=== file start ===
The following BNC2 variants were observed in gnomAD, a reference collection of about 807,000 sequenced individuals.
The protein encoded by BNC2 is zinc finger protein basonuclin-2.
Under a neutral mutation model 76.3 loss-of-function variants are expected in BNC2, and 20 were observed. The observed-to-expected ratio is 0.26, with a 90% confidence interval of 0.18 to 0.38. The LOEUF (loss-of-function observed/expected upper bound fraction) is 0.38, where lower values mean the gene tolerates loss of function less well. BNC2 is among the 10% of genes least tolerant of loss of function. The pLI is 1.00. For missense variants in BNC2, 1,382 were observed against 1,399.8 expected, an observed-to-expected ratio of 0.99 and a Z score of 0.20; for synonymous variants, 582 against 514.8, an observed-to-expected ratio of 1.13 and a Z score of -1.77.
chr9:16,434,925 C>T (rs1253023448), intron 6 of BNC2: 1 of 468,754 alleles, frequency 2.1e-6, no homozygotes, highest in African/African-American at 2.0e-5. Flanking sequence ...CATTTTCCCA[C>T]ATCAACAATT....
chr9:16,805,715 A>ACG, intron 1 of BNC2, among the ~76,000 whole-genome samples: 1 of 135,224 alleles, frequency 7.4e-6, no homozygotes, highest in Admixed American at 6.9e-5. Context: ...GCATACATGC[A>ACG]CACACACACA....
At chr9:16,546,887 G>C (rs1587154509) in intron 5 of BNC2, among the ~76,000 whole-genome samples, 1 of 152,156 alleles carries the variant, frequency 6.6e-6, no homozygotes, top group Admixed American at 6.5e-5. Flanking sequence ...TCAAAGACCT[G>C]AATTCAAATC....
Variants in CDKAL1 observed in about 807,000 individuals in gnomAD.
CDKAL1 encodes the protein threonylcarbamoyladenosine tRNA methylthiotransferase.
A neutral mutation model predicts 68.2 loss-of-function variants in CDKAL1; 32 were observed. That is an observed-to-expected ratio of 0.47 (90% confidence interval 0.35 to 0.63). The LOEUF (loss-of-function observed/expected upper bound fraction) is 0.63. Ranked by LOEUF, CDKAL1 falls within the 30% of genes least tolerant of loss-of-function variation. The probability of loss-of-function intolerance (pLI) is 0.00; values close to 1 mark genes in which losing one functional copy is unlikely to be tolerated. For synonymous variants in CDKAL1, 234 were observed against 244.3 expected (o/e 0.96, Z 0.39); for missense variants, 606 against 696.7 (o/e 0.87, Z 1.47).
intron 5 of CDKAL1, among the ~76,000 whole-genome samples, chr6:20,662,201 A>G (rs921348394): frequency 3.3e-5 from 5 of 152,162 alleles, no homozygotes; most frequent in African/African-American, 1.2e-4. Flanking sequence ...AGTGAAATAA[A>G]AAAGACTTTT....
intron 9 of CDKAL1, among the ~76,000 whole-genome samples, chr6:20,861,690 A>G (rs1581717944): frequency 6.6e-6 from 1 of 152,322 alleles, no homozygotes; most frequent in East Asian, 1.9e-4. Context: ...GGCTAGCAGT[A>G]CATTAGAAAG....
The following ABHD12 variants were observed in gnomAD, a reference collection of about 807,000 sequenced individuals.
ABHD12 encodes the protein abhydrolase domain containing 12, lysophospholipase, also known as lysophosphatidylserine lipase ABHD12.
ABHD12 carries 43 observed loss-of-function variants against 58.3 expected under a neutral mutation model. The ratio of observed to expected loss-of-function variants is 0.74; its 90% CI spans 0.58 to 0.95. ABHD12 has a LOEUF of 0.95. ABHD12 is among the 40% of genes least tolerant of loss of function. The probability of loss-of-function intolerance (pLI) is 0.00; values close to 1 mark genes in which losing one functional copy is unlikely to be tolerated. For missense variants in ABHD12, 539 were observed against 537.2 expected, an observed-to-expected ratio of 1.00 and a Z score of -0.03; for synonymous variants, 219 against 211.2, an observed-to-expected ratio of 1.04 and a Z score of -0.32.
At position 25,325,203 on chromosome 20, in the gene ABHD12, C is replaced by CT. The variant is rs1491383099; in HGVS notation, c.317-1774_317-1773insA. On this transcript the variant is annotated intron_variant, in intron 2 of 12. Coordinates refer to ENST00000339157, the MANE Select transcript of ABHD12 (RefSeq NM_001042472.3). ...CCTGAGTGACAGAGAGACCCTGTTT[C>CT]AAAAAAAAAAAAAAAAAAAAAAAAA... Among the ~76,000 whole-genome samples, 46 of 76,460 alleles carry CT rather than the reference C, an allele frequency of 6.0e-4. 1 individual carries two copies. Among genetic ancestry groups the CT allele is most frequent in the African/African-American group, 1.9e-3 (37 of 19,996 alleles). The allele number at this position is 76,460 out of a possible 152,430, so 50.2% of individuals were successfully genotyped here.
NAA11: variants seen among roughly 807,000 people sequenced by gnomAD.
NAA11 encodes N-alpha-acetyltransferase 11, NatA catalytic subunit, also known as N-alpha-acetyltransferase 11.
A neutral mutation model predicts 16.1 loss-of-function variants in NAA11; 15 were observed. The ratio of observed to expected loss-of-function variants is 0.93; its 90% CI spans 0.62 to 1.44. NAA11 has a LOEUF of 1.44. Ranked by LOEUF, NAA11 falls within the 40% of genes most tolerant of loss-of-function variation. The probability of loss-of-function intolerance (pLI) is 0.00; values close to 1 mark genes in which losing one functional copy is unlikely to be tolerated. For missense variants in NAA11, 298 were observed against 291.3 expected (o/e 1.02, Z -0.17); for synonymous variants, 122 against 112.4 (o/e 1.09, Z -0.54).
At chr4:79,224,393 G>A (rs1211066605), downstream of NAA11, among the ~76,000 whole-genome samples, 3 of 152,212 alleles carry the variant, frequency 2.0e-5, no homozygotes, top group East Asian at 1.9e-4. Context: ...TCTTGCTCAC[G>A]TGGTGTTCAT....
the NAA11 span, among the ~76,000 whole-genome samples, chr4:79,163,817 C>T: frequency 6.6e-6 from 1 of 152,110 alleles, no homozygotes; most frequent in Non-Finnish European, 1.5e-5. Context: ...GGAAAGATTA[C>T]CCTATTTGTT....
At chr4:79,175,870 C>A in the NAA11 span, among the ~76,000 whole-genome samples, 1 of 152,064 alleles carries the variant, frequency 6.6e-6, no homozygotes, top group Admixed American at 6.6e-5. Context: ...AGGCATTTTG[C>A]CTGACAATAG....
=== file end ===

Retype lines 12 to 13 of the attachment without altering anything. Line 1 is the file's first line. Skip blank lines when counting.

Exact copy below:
The following ABHD12 variants were observed in gnomAD, a reference collection of about 807,000 sequenced individuals.
ABHD12 encodes the protein abhydrolase domain containing 12, lysophospholipase, also known as lysophosphatidylserine lipase ABHD12.